CHICAGO -- Illinois Gov. Jim Edgar's announcement last week that the state will issue $185 million of general obligation certificates will trigger a review of the state's Aaa GO rating by Moody's Investors Service, state and rating agency officials said yesterday.
George Leung, a vice president and managing director of state ratings at Moody's, said a meeting with state officials is scheduled for Wednesday.
"We'll be reviewing the budget and cash flows in connection with the short-term note sale and also all the long-term ratings for the state," he explained.
He said the ratings review would be completed before the notes are sold the week of Aug. 26. Since 1944, Illinois has maintained an Aaa GO rating with Moody's. That rating currently pertains to $4.17 billion of the state's debt.
State Budget Director Joan Walters said the administration was hopeful the agency would judge the $27.5 billion fiscal 1992 budget as "a credible plan" for the state and therefore maintain the high rating. Under the budget, passed July 19 by the General Assembly and recently acted upon by the governor, the state would end fiscal 1992 on June 30 with a $200 million cash balance, compared to $100 million at the end of fiscal 1991.
But Richard Ciccarone, senior vice president and manager of fixed-income research at Kemper Capital Markets, said there are "enough reasons out there to justify a ratings downgrade."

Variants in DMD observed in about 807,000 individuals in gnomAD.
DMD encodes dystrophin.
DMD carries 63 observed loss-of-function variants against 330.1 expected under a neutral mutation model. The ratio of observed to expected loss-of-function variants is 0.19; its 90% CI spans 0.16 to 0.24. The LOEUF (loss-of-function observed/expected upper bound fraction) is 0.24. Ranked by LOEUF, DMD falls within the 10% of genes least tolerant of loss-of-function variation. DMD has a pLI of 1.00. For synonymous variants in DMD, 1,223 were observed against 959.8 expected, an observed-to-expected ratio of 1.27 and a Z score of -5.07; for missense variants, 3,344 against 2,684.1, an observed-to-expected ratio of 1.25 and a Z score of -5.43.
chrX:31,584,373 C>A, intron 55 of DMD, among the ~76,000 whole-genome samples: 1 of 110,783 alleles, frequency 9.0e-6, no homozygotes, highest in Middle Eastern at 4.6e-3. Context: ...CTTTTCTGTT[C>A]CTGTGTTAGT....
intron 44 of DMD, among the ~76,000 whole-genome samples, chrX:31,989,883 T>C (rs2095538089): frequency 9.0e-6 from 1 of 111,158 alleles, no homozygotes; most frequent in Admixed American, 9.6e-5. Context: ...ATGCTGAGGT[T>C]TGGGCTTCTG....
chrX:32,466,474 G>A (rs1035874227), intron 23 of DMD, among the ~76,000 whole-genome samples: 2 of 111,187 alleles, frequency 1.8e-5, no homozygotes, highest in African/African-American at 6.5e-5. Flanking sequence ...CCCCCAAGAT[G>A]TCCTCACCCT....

Mr. Ciccarone pointed to a growing negative unreserved balance, as reported on a generally accepted accounting principles basis, that he said could reach $1.5 billion in fiscal 1991, and to a cash balance system that allows the state to bolster its cushion by "holding back bills." He added that the state's use of so-called lapse-period spending to delay its fiscal 1991 bill payments into fiscal 1992 was also a negative factor for the rating. The state comptroller's office estimated that lapse-period spending will exceed $800 million.
On Aug. 2, Standard & Poor's Corp. downgraded $4.2 billion of the state's GO debt to AA from AA-plus, citing "significantly weakened financial operations and position during the past two fiscal years." The agency, which on Feb. 11 had placed about $7 billion of the state's debt on CreditWatch with negative implications, accompanied its ratings downgrade with a stable long-term outlook for the state's AA rating.
The state's Aaa rating from Moody's may already have been discounted in the secondary market. Bond traders contacted at the time of the Standard & Poor's downgrade said Illinois GOs had been trading at the AA level for some time.
If a downgrade is not forthcoming from Moody's this time, Mr. Ciccarone said the release of the state's audited financial statements later this year could give the agency "another opportunity to evaluate the rating."
Illinois also has had an inactive AAA rating from Fitch Investors Service Inc.a since 1989.
Gov. Edgar announced the short-term borrowing last Friday, saying it was necessary for cash-flow purposes. He said the money would be used to help pay off a backlog of $370 million in overdue healthcare provider bills and to make a $175 million state aid payment to local schools in August instead of September.
The certificate or note issue, which will mature June 15, 1992, will be competitively bid the week of Aug. 26, with a closing scheduled for Aug. 29.
Ms. Walters said that while the administration was keeping its options open in terms of additional short-term borrowing, "we hope we won't need to do any more."